What is it?
Calcium is a mineral that is found in dairy products, some green, leafy vegetables such as kale, and anything made with fortified flour. The body uses calcium to maintain the health of the bones and teeth, to help muscles contract, to ensure that nerve impulses are conducted properly, and to maintain the heart rhythm. An adult needs about 700mg of calcium a day. Levels of calcium in your blood are primarily controlled by a hormone called parathyroid hormone that is produced by a gland in the neck. The kidneys are also involved in calcium metabolism and healthy calcium levels also rely on normal levels of magnesium and vitamin D.
If your indicative Calcium level is lower than the reference range for our laboratory:
This is known as hypocalcemia. This may be due to having too little calcium in your diet or due to having low levels of magnesium (which also comes fom the diet) or vitamin D (which the body usually produces from exposure to sunlight).
Calcium levels may also be low if your body is making too little parathyroid hormone due to a problem with the parathyroid glands, or low calcium can result from kidney disease. Certain medications can also cause calcium levels to fall.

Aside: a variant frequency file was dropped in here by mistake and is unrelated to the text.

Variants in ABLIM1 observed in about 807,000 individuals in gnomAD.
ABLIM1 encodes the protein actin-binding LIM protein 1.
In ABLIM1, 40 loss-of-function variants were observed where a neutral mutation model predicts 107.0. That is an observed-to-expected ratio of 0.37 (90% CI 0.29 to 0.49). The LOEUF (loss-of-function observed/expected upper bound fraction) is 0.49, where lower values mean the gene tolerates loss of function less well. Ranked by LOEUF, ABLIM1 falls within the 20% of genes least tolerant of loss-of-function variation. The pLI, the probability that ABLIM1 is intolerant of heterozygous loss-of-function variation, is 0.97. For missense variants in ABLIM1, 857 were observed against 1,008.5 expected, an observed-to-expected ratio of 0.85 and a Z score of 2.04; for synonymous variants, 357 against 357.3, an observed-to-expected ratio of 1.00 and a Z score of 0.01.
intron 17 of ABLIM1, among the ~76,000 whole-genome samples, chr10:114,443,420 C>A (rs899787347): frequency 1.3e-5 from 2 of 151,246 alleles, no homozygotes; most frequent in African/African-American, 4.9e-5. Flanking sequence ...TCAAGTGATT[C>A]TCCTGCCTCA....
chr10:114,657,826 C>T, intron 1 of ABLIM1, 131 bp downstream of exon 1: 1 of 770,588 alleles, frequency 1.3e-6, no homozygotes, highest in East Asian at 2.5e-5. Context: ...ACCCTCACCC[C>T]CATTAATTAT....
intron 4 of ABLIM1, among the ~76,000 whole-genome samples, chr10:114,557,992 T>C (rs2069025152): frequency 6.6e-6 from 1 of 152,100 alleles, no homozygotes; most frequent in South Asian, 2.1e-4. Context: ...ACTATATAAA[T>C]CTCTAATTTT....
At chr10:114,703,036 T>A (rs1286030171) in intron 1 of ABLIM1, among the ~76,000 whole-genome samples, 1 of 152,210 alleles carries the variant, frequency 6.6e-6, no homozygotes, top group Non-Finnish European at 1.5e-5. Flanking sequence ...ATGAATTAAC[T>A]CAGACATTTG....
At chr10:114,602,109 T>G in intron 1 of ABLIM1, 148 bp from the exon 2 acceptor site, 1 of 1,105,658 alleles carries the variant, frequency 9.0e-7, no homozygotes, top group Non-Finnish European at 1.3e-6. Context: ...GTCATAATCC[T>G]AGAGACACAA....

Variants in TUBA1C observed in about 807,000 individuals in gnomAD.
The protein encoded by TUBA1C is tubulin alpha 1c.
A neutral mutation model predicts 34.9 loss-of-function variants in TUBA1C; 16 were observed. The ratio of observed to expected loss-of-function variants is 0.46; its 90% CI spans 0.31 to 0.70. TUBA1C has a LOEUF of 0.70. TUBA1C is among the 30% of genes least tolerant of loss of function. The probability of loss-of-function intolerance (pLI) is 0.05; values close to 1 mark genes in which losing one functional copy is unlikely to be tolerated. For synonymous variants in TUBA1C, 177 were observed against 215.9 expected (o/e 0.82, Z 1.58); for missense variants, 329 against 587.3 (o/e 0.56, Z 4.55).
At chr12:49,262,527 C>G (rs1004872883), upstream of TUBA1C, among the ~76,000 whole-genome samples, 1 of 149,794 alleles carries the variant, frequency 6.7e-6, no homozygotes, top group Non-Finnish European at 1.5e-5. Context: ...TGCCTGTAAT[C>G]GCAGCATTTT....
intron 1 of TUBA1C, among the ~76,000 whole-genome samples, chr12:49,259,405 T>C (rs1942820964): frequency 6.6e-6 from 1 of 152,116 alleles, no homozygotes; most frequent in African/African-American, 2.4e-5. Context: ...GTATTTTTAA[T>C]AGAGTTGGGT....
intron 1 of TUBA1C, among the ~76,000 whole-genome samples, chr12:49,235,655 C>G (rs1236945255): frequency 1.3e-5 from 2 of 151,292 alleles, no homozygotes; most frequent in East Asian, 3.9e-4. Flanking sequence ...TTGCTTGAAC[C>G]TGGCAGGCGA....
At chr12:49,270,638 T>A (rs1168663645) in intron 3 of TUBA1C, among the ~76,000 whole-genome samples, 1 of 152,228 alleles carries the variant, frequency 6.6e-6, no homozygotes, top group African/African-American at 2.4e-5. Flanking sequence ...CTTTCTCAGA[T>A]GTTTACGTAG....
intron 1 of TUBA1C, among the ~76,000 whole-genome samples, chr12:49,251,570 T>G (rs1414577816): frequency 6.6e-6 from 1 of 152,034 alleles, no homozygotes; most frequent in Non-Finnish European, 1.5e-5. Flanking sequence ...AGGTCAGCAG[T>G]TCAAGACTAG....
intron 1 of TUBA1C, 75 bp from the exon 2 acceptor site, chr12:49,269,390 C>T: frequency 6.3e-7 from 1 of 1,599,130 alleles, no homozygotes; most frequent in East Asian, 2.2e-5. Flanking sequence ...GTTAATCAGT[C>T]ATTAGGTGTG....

Low levels of calcium can cause cramps, muscle twitching, tingling sensations (particularly around the mouth), and palpitations.
We would suggest speaking to your GP about this result.
If your indicative Calcium level is higher than the reference range for our laboratory:
This is known as hypercalcemia. There are many causes of high calcium levels. One of the common causes is hyperparathyroidism when the body makes too much parathyroid hormone due to a problem with the parathyroid glands.
Other causes include dehydration, medications, infections, taking too much vitamin D, kidney problems and, occasionally, it may be a sign of cancer.
A high calcium level may cause no symptoms but it can cause thirst, confusion, abdominal pain and vomiting, or kidney stones.
Please discuss this result with your GP.